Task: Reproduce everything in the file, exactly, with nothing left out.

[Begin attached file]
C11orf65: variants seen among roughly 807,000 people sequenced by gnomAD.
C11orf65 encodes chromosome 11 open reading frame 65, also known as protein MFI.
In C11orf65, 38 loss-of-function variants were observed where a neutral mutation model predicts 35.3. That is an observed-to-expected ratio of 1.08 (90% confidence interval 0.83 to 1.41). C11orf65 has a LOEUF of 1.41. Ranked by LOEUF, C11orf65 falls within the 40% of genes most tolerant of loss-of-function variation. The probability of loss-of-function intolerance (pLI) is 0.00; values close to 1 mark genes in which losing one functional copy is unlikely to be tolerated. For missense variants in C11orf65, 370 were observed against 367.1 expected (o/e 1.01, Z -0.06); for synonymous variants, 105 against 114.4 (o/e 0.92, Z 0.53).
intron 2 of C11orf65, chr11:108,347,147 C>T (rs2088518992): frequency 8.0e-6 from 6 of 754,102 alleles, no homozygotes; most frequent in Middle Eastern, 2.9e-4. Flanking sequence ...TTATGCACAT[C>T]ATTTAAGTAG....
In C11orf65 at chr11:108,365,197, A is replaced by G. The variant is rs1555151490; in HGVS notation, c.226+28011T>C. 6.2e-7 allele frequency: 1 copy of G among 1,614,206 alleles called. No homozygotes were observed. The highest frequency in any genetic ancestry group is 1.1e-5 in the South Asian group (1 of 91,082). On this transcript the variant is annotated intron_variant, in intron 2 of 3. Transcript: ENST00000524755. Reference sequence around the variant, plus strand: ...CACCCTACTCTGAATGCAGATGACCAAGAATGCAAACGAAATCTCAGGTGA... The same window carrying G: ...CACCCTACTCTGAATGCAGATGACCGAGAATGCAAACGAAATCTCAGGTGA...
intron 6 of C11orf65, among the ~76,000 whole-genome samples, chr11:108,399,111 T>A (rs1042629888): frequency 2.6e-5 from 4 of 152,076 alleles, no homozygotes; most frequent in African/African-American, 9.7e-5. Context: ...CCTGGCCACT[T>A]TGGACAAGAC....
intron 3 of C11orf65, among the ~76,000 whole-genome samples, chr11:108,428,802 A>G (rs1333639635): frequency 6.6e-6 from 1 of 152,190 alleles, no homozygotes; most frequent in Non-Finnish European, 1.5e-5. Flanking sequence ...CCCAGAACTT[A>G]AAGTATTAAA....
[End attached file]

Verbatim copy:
C11orf65: variants seen among roughly 807,000 people sequenced by gnomAD.
C11orf65 encodes chromosome 11 open reading frame 65, also known as protein MFI.
In C11orf65, 38 loss-of-function variants were observed where a neutral mutation model predicts 35.3. That is an observed-to-expected ratio of 1.08 (90% confidence interval 0.83 to 1.41). C11orf65 has a LOEUF of 1.41. Ranked by LOEUF, C11orf65 falls within the 40% of genes most tolerant of loss-of-function variation. The probability of loss-of-function intolerance (pLI) is 0.00; values close to 1 mark genes in which losing one functional copy is unlikely to be tolerated. For missense variants in C11orf65, 370 were observed against 367.1 expected (o/e 1.01, Z -0.06); for synonymous variants, 105 against 114.4 (o/e 0.92, Z 0.53).
intron 2 of C11orf65, chr11:108,347,147 C>T (rs2088518992): frequency 8.0e-6 from 6 of 754,102 alleles, no homozygotes; most frequent in Middle Eastern, 2.9e-4. Flanking sequence ...TTATGCACAT[C>T]ATTTAAGTAG....
In C11orf65 at chr11:108,365,197, A is replaced by G. The variant is rs1555151490; in HGVS notation, c.226+28011T>C. 6.2e-7 allele frequency: 1 copy of G among 1,614,206 alleles called. No homozygotes were observed. The highest frequency in any genetic ancestry group is 1.1e-5 in the South Asian group (1 of 91,082). On this transcript the variant is annotated intron_variant, in intron 2 of 3. Transcript: ENST00000524755. Reference sequence around the variant, plus strand: ...CACCCTACTCTGAATGCAGATGACCAAGAATGCAAACGAAATCTCAGGTGA... The same window carrying G: ...CACCCTACTCTGAATGCAGATGACCGAGAATGCAAACGAAATCTCAGGTGA...
intron 6 of C11orf65, among the ~76,000 whole-genome samples, chr11:108,399,111 T>A (rs1042629888): frequency 2.6e-5 from 4 of 152,076 alleles, no homozygotes; most frequent in African/African-American, 9.7e-5. Context: ...CCTGGCCACT[T>A]TGGACAAGAC....
intron 3 of C11orf65, among the ~76,000 whole-genome samples, chr11:108,428,802 A>G (rs1333639635): frequency 6.6e-6 from 1 of 152,190 alleles, no homozygotes; most frequent in Non-Finnish European, 1.5e-5. Flanking sequence ...CCCAGAACTT[A>G]AAGTATTAAA....